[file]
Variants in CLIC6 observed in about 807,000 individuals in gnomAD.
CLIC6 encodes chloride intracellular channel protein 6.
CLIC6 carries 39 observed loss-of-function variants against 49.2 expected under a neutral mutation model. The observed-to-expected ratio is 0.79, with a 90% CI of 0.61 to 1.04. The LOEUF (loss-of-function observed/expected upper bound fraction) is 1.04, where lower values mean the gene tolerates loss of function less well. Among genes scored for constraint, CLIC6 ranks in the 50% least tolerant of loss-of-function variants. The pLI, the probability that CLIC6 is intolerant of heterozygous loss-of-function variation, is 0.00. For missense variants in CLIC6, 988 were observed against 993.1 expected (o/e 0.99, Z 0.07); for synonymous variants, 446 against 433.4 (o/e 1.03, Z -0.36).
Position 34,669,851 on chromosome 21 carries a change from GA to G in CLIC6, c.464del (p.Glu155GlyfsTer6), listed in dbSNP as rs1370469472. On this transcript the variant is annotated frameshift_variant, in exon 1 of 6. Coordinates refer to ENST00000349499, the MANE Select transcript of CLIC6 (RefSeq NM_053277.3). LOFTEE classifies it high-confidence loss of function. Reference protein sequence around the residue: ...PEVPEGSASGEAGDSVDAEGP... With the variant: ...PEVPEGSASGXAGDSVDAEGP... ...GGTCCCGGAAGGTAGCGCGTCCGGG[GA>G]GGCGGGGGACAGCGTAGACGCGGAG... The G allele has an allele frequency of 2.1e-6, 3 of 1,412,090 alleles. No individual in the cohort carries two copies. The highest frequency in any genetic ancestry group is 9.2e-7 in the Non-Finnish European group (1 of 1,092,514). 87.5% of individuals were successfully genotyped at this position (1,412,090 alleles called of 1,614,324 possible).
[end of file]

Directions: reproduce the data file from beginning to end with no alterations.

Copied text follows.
Variants in CLIC6 observed in about 807,000 individuals in gnomAD.
CLIC6 encodes chloride intracellular channel protein 6.
CLIC6 carries 39 observed loss-of-function variants against 49.2 expected under a neutral mutation model. The observed-to-expected ratio is 0.79, with a 90% CI of 0.61 to 1.04. The LOEUF (loss-of-function observed/expected upper bound fraction) is 1.04, where lower values mean the gene tolerates loss of function less well. Among genes scored for constraint, CLIC6 ranks in the 50% least tolerant of loss-of-function variants. The pLI, the probability that CLIC6 is intolerant of heterozygous loss-of-function variation, is 0.00. For missense variants in CLIC6, 988 were observed against 993.1 expected (o/e 0.99, Z 0.07); for synonymous variants, 446 against 433.4 (o/e 1.03, Z -0.36).
Position 34,669,851 on chromosome 21 carries a change from GA to G in CLIC6, c.464del (p.Glu155GlyfsTer6), listed in dbSNP as rs1370469472. On this transcript the variant is annotated frameshift_variant, in exon 1 of 6. Coordinates refer to ENST00000349499, the MANE Select transcript of CLIC6 (RefSeq NM_053277.3). LOFTEE classifies it high-confidence loss of function. Reference protein sequence around the residue: ...PEVPEGSASGEAGDSVDAEGP... With the variant: ...PEVPEGSASGXAGDSVDAEGP... ...GGTCCCGGAAGGTAGCGCGTCCGGG[GA>G]GGCGGGGGACAGCGTAGACGCGGAG... The G allele has an allele frequency of 2.1e-6, 3 of 1,412,090 alleles. No individual in the cohort carries two copies. The highest frequency in any genetic ancestry group is 9.2e-7 in the Non-Finnish European group (1 of 1,092,514). 87.5% of individuals were successfully genotyped at this position (1,412,090 alleles called of 1,614,324 possible).